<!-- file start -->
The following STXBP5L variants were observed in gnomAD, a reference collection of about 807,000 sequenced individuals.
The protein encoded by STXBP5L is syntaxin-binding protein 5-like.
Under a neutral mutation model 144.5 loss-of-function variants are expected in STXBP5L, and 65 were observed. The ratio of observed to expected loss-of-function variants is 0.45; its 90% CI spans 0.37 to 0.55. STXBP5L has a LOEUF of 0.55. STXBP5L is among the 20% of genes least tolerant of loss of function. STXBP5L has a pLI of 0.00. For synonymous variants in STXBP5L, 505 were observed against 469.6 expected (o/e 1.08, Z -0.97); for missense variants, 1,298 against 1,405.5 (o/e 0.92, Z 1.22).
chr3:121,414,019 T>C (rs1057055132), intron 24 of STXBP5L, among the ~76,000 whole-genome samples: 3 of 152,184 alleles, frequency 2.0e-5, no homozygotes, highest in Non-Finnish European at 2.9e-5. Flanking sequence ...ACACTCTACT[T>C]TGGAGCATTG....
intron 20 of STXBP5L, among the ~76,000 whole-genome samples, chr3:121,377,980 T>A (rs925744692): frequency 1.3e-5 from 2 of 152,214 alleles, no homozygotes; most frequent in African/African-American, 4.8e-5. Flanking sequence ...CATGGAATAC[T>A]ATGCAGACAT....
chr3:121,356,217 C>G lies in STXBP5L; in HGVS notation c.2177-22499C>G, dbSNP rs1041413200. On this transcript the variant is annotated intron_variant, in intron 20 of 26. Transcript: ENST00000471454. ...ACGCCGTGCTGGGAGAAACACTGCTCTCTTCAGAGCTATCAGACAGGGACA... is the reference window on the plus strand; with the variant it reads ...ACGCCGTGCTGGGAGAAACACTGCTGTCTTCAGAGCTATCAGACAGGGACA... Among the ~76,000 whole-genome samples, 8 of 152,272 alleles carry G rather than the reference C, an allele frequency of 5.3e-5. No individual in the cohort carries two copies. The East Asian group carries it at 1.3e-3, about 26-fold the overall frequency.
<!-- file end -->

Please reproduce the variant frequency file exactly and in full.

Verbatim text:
The following STXBP5L variants were observed in gnomAD, a reference collection of about 807,000 sequenced individuals.
The protein encoded by STXBP5L is syntaxin-binding protein 5-like.
Under a neutral mutation model 144.5 loss-of-function variants are expected in STXBP5L, and 65 were observed. The ratio of observed to expected loss-of-function variants is 0.45; its 90% CI spans 0.37 to 0.55. STXBP5L has a LOEUF of 0.55. STXBP5L is among the 20% of genes least tolerant of loss of function. STXBP5L has a pLI of 0.00. For synonymous variants in STXBP5L, 505 were observed against 469.6 expected (o/e 1.08, Z -0.97); for missense variants, 1,298 against 1,405.5 (o/e 0.92, Z 1.22).
chr3:121,414,019 T>C (rs1057055132), intron 24 of STXBP5L, among the ~76,000 whole-genome samples: 3 of 152,184 alleles, frequency 2.0e-5, no homozygotes, highest in Non-Finnish European at 2.9e-5. Flanking sequence ...ACACTCTACT[T>C]TGGAGCATTG....
intron 20 of STXBP5L, among the ~76,000 whole-genome samples, chr3:121,377,980 T>A (rs925744692): frequency 1.3e-5 from 2 of 152,214 alleles, no homozygotes; most frequent in African/African-American, 4.8e-5. Flanking sequence ...CATGGAATAC[T>A]ATGCAGACAT....
chr3:121,356,217 C>G lies in STXBP5L; in HGVS notation c.2177-22499C>G, dbSNP rs1041413200. On this transcript the variant is annotated intron_variant, in intron 20 of 26. Transcript: ENST00000471454. ...ACGCCGTGCTGGGAGAAACACTGCTCTCTTCAGAGCTATCAGACAGGGACA... is the reference window on the plus strand; with the variant it reads ...ACGCCGTGCTGGGAGAAACACTGCTGTCTTCAGAGCTATCAGACAGGGACA... Among the ~76,000 whole-genome samples, 8 of 152,272 alleles carry G rather than the reference C, an allele frequency of 5.3e-5. No individual in the cohort carries two copies. The East Asian group carries it at 1.3e-3, about 26-fold the overall frequency.